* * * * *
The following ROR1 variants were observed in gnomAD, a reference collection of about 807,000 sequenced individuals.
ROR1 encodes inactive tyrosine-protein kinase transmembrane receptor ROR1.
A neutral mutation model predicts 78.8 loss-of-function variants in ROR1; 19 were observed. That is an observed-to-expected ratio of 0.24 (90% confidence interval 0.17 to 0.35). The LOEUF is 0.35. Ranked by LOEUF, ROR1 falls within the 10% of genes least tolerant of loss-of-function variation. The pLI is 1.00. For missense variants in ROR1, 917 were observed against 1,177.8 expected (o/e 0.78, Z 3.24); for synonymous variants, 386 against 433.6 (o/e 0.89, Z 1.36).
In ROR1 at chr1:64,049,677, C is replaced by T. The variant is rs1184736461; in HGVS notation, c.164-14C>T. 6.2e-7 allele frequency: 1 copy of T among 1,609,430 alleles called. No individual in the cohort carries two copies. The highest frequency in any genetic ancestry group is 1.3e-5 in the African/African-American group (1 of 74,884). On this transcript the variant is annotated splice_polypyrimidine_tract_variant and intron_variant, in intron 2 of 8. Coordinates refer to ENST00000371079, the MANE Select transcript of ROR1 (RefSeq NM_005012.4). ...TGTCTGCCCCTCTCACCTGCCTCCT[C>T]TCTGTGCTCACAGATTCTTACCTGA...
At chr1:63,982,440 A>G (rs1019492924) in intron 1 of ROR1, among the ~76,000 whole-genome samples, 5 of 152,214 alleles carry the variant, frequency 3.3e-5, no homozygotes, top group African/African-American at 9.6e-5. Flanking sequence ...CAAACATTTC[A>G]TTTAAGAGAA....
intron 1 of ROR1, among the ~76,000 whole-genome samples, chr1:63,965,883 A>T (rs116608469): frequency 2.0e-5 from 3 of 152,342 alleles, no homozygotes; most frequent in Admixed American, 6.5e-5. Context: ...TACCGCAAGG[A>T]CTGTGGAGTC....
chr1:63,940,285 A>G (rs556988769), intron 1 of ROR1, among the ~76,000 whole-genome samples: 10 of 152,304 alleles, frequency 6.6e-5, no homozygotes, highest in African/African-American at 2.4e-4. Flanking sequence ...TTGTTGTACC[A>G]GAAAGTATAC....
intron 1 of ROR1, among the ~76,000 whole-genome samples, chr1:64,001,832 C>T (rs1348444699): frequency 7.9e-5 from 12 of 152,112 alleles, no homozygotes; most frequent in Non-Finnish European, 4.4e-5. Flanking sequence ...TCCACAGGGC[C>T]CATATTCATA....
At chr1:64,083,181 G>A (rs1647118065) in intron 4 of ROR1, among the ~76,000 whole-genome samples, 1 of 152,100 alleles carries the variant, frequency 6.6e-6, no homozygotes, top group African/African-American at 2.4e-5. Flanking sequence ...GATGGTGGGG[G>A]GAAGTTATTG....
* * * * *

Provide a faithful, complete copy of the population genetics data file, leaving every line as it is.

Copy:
The following ROR1 variants were observed in gnomAD, a reference collection of about 807,000 sequenced individuals.
ROR1 encodes inactive tyrosine-protein kinase transmembrane receptor ROR1.
A neutral mutation model predicts 78.8 loss-of-function variants in ROR1; 19 were observed. That is an observed-to-expected ratio of 0.24 (90% confidence interval 0.17 to 0.35). The LOEUF is 0.35. Ranked by LOEUF, ROR1 falls within the 10% of genes least tolerant of loss-of-function variation. The pLI is 1.00. For missense variants in ROR1, 917 were observed against 1,177.8 expected (o/e 0.78, Z 3.24); for synonymous variants, 386 against 433.6 (o/e 0.89, Z 1.36).
In ROR1 at chr1:64,049,677, C is replaced by T. The variant is rs1184736461; in HGVS notation, c.164-14C>T. 6.2e-7 allele frequency: 1 copy of T among 1,609,430 alleles called. No individual in the cohort carries two copies. The highest frequency in any genetic ancestry group is 1.3e-5 in the African/African-American group (1 of 74,884). On this transcript the variant is annotated splice_polypyrimidine_tract_variant and intron_variant, in intron 2 of 8. Coordinates refer to ENST00000371079, the MANE Select transcript of ROR1 (RefSeq NM_005012.4). ...TGTCTGCCCCTCTCACCTGCCTCCT[C>T]TCTGTGCTCACAGATTCTTACCTGA...
At chr1:63,982,440 A>G (rs1019492924) in intron 1 of ROR1, among the ~76,000 whole-genome samples, 5 of 152,214 alleles carry the variant, frequency 3.3e-5, no homozygotes, top group African/African-American at 9.6e-5. Flanking sequence ...CAAACATTTC[A>G]TTTAAGAGAA....
intron 1 of ROR1, among the ~76,000 whole-genome samples, chr1:63,965,883 A>T (rs116608469): frequency 2.0e-5 from 3 of 152,342 alleles, no homozygotes; most frequent in Admixed American, 6.5e-5. Context: ...TACCGCAAGG[A>T]CTGTGGAGTC....
chr1:63,940,285 A>G (rs556988769), intron 1 of ROR1, among the ~76,000 whole-genome samples: 10 of 152,304 alleles, frequency 6.6e-5, no homozygotes, highest in African/African-American at 2.4e-4. Flanking sequence ...TTGTTGTACC[A>G]GAAAGTATAC....
intron 1 of ROR1, among the ~76,000 whole-genome samples, chr1:64,001,832 C>T (rs1348444699): frequency 7.9e-5 from 12 of 152,112 alleles, no homozygotes; most frequent in Non-Finnish European, 4.4e-5. Flanking sequence ...TCCACAGGGC[C>T]CATATTCATA....
At chr1:64,083,181 G>A (rs1647118065) in intron 4 of ROR1, among the ~76,000 whole-genome samples, 1 of 152,100 alleles carries the variant, frequency 6.6e-6, no homozygotes, top group African/African-American at 2.4e-5. Flanking sequence ...GATGGTGGGG[G>A]GAAGTTATTG....